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The Athletics

Associated Press


Khris Davis hardly cares how many home runs he hits this year if he can slug the Athletics much deeper into the postseason.


Sure, he has some numbers in his head. How could he not after leading the majors with 48 homers last year? Perhaps 50 is now within reach.


There was time for reflection, and it has now passed.


“I did at the end of the season. Now I’m kind of like over it,” Davis said. “I want to pick up where I left off. I felt like I ended the season on a good note, making it to the playoffs. Nobody thought we’d get there. Even though we lost, there was a lot to be proud of. It was by far the most fun I’ve had playing baseball, because we won so many games. And winning is way better than losing.”


With a young, power-hitting lineup, the A’s realize they won’t surprise the rest of baseball as they did last year with their knack for late-game rallies and winning the close ones. They lost the AL wild-card game to the Yankees.


“We’ve come a long way as a team to get into this type of position,” manager Bob Melvin said. “It’s easier to envision where the lineup’s going to be and look a little bit farther down the road with this type of team than with teams where you’re kind of always having to mix and match.”


Momentum time: Melvin expects his A’s to have swagger, a well-deserved confidence after the remarkable turnaround of 2018.


The A’s trailed the Mariners by 11 games in the wild-card race on June 15, then propelled themselves into the playoffs with a superb second half.


“We were able to, through confidence, create the success, and now we have that kind of confidence to go into the season,” said Melvin, the reigning AL manager of the year.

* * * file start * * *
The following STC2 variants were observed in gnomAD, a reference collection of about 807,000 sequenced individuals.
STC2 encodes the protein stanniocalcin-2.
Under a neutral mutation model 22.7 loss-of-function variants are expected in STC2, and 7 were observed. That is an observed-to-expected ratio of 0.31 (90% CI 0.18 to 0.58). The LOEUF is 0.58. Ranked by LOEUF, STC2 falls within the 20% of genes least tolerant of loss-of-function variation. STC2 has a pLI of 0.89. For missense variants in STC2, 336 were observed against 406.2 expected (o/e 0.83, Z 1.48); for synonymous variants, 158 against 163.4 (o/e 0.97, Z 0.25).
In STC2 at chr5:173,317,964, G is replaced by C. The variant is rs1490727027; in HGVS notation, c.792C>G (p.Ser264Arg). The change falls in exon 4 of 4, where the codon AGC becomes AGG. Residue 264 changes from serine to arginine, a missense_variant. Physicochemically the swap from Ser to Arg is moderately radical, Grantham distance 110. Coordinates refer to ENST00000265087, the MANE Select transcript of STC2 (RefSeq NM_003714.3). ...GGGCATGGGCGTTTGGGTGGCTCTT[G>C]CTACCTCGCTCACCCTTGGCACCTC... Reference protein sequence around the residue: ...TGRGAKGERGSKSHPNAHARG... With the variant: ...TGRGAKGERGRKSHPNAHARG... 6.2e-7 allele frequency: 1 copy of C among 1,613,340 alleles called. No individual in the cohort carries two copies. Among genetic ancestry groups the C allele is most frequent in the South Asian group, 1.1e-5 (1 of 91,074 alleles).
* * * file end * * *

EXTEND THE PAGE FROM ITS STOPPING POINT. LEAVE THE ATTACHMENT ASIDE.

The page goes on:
Profar’s presence: New second baseman Jurickson Profar joins a talented infield with a pair of slugging Matts — Matt Chapman at third and Matt Olson at first — along with much-improved Marcus Semien at shortstop.


Profar knows how good his new club can be after watching the A’s beat his former Rangers so many times before being traded.


“Now I get the chance to play with them. So far, it’s fun,” he said.


Profar batted .254 with 20 homers and 77 RBIs in 146 games last season while playing all four infield spots for the Rangers.


He is embracing a new chance in Oakland.


“They did great last year and we’re still young,” Profar said.


Rotation faces: The A’s are counting on veteran starters Mike Fiers and Marco Estrada to lead the rotation until everyone is healthy again.


Fiers returned on a two-year, $14.1 million deal in December, and Estrada received a one-year, $4 million contract in January.


The A’s acquired Fiers in August from Detroit, and he helped the club reach the playoffs for the first time since 2014. He went 5-2 with a 3.74 ERA in 10 outings with nine starts after joining Oakland.


Brett Anderson is back with the A’s, and the lefty also is slated to be in the rotation when the season starts.


Left-handed ace Sean Manaea pitched a no-hitter against the Red Sox on April 21 then had shoulder surgery in September. He is expected to be out until about the All-Star break.


Jharel Cotton had Tommy John surgery in March.


Photo: Khris Davis led all of baseball with 48 home runs last year but is focusing on the playoffs.